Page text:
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Longshore union slowdowns continue at West Coast ports says PMA

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Longshore union slowdowns continue at West Coast ports says PMA

November 19, 2014 - 17:58
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The Pacific Maritime Association (PMA) has issued the following update regarding continued union slowdowns and work actions at the major West Coast ports. The union actions are tied to the ongoing negotiations for a new coast-wide labor contract. Negotiations began in May for the contract that expired July 1, and talks have been occurring almost constantly for the past six months.

Since October 31, members of the International Longshore Workers Union (ILWU) have continued to work slowly in the ports of Tacoma and Seattle. Various reports have detailed the dramatic impact these slowdowns are having at this critical harvest season for Washington State apples, potatoes, Christmas trees and other perishable produce.

  • In recent days, longshoremen on several shifts have walked off the job in Oakland, shutting down their terminals for the remainder of the shift.
  • In the critical ports of Los Angeles and Long Beach, where growing congestion has been a recognized issue for some time, the ILWU continues to short-shift crews by withholding qualified yard crane operators.

"These actions - slowing down, walking off the job and not sending the crews that are needed - will continue to push the West Coast ports closer and closer to outright gridlock," said PMA spokesman Wade Gates. "With two weeks before Black Friday, the last thing our economy needs is a shutdown."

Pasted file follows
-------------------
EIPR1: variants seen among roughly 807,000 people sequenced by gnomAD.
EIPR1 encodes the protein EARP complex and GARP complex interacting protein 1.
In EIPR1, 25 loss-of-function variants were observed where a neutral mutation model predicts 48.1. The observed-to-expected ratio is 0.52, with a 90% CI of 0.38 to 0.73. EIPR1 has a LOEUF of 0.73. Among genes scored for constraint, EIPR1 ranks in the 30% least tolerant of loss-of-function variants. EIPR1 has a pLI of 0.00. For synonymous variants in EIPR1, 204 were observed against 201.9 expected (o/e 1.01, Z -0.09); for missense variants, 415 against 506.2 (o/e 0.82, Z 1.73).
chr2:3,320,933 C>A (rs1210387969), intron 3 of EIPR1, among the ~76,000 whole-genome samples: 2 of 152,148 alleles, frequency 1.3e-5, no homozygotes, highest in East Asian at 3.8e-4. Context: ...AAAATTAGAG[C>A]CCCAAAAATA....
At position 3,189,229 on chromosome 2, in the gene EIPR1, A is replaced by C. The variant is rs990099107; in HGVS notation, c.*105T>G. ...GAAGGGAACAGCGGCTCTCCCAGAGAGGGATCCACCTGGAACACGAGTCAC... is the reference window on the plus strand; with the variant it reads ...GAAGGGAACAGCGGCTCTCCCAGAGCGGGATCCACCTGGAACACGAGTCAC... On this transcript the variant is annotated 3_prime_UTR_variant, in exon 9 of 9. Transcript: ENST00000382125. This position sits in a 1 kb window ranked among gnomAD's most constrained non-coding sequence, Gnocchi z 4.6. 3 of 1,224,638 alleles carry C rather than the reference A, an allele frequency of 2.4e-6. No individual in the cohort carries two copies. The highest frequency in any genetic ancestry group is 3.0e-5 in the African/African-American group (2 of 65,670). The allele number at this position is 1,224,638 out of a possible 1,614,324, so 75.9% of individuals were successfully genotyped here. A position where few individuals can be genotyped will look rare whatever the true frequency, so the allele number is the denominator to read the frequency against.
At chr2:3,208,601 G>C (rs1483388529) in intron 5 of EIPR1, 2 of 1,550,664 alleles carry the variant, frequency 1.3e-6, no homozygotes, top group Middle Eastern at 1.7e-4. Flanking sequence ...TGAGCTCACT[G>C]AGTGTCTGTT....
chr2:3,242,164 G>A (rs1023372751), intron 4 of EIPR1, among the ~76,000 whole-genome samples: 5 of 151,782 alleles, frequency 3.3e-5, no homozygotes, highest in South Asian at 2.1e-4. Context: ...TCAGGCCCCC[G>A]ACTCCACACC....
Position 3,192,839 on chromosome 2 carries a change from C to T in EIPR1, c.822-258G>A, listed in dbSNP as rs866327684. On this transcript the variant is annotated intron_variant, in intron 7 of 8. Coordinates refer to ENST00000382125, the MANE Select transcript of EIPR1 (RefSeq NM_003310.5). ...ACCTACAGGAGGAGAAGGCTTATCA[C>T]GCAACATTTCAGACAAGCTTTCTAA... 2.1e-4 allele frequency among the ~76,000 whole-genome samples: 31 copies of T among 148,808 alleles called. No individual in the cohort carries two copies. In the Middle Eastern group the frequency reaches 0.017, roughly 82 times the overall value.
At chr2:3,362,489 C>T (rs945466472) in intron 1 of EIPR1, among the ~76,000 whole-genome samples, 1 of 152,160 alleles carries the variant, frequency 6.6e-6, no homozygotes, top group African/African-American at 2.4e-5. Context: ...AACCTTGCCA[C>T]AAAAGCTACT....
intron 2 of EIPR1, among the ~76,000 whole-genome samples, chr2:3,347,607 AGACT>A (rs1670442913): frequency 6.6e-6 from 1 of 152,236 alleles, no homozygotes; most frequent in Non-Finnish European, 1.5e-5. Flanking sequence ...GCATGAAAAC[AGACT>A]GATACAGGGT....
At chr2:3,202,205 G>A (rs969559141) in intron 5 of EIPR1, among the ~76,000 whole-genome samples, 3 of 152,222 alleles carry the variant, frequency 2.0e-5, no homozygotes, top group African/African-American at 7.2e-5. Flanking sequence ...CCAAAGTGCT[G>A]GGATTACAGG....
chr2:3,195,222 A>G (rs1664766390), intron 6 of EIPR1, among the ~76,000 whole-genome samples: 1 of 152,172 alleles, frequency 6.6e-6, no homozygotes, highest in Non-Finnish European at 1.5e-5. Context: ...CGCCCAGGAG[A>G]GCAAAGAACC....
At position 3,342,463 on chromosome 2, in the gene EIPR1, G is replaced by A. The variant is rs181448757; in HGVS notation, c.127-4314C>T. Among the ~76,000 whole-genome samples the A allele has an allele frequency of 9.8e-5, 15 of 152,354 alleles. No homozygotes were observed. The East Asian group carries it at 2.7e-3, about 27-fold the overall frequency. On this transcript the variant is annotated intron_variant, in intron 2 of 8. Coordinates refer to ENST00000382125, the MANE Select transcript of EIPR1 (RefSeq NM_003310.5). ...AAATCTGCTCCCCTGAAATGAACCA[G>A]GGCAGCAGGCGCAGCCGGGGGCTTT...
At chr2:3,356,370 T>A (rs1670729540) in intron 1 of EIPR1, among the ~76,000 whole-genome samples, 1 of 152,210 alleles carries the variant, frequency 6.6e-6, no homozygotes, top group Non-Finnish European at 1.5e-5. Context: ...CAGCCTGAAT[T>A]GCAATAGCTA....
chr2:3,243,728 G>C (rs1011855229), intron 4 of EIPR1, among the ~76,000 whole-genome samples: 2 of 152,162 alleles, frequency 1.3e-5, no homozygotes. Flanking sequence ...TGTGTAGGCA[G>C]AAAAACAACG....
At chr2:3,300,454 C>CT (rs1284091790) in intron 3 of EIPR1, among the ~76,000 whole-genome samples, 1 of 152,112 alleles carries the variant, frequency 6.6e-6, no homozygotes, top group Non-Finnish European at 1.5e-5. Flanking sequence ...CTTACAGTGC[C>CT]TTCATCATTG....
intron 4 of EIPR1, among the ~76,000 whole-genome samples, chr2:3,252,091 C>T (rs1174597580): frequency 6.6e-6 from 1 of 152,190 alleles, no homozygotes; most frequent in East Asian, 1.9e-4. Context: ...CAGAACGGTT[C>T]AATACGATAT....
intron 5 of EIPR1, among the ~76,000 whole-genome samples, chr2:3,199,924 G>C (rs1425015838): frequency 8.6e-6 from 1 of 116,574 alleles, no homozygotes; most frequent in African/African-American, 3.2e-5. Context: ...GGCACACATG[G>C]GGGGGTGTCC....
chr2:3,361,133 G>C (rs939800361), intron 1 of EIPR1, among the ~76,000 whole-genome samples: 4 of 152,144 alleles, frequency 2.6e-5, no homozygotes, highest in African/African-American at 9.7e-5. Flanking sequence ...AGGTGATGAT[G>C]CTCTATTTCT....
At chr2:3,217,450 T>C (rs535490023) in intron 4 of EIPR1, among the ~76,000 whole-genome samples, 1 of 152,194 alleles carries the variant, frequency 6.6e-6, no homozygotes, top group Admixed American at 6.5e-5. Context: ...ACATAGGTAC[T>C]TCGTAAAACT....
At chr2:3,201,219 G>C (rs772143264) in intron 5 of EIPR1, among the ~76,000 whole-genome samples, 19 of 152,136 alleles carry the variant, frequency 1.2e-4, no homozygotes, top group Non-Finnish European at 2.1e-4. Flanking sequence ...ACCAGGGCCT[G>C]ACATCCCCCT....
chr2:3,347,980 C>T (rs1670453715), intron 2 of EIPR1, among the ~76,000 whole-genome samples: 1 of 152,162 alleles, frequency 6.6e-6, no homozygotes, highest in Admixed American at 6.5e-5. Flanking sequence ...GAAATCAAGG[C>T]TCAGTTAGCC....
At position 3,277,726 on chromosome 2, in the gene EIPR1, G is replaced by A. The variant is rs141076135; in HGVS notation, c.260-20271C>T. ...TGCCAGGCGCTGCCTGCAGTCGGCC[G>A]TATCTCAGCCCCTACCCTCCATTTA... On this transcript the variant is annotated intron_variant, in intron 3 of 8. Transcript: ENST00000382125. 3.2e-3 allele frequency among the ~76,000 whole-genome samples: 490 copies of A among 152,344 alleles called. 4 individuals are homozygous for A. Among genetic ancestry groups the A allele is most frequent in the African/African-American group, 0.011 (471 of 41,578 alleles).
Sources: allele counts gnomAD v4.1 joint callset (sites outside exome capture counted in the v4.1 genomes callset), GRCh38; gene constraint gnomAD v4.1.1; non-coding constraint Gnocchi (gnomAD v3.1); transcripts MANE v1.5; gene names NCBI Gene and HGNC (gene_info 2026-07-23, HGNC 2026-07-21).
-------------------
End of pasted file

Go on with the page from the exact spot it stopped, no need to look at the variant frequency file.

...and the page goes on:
As a result of these developments, the PMA remains deeply concerned about the operational situation at the major ports along the coast. The ILWU's slowdown actions threaten West Coast port competitiveness, and are complicating an already challenging holiday shipping season. In the meantime, ILWU and PMA representatives continue to meet daily in contract negotiations.

"For the sake of our economy, we call upon the ILWU to agree to a temporary contract extension while we continue to work on a new agreement," Gates said. "A contract extension and a full return to work will give everyone - from shippers to consumers - the confidence that is needed before the critical holiday shopping season."

ILWU workers receive a compensation package that is among the most lucrative among all blue-collar workers in the United States. Full-time workers earn an average of $147,000 annually in wages, along with a non-wage benefits package costing more than $82,000 per active worker per year. The ILWU benefits package includes fully paid health care for workers, retirees and their families with no premiums, no in-network deductibles and 100 percent coverage of basic hospital, medical and surgical benefits. Prescription drugs are covered for $1 per prescription; dental and vision care are provided to workers, retirees and their families at little or no cost.